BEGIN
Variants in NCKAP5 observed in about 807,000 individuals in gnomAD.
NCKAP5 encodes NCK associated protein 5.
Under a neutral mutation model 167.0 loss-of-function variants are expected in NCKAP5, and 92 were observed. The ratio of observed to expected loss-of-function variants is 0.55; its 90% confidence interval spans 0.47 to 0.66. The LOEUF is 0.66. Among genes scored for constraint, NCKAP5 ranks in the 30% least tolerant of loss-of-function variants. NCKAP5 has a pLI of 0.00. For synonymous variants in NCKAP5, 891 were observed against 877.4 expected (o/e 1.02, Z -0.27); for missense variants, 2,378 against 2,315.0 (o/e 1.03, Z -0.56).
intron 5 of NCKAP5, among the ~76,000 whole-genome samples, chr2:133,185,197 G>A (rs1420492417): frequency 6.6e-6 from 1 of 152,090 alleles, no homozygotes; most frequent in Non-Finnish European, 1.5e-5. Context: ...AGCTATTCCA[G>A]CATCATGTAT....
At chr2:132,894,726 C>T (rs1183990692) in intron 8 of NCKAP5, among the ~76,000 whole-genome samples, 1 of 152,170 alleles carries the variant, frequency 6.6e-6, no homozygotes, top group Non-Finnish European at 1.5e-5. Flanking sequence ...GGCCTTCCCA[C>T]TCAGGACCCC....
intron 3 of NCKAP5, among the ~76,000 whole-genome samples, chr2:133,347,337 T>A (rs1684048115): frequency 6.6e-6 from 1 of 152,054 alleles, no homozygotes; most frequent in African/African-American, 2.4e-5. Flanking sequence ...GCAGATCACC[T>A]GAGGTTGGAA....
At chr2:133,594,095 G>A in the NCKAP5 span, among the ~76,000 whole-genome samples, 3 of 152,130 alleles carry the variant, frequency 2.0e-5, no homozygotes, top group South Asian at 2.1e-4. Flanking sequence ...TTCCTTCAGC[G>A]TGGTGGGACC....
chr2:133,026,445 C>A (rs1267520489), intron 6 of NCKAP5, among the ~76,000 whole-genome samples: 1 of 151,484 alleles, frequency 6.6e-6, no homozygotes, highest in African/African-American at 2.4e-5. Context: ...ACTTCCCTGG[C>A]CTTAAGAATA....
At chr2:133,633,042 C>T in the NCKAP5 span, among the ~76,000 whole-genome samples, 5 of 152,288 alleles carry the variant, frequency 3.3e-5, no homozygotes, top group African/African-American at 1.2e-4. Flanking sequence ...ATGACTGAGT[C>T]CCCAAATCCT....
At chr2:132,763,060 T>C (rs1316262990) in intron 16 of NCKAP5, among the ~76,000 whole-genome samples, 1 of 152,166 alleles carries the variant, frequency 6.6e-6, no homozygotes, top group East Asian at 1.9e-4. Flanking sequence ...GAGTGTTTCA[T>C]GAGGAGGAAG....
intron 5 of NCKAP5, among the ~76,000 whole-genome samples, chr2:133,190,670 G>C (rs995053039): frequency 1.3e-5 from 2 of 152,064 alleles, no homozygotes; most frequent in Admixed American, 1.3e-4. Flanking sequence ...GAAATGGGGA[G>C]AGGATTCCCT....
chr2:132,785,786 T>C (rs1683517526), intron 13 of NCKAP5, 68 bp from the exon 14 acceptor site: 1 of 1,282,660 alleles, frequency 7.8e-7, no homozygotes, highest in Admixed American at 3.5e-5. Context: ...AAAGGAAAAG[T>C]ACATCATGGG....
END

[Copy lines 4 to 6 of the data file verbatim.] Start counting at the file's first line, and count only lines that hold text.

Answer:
intron 5 of NCKAP5, among the ~76,000 whole-genome samples, chr2:133,185,197 G>A (rs1420492417): frequency 6.6e-6 from 1 of 152,090 alleles, no homozygotes; most frequent in Non-Finnish European, 1.5e-5. Context: ...AGCTATTCCA[G>A]CATCATGTAT....
At chr2:132,894,726 C>T (rs1183990692) in intron 8 of NCKAP5, among the ~76,000 whole-genome samples, 1 of 152,170 alleles carries the variant, frequency 6.6e-6, no homozygotes, top group Non-Finnish European at 1.5e-5. Flanking sequence ...GGCCTTCCCA[C>T]TCAGGACCCC....
intron 3 of NCKAP5, among the ~76,000 whole-genome samples, chr2:133,347,337 T>A (rs1684048115): frequency 6.6e-6 from 1 of 152,054 alleles, no homozygotes; most frequent in African/African-American, 2.4e-5. Flanking sequence ...GCAGATCACC[T>A]GAGGTTGGAA....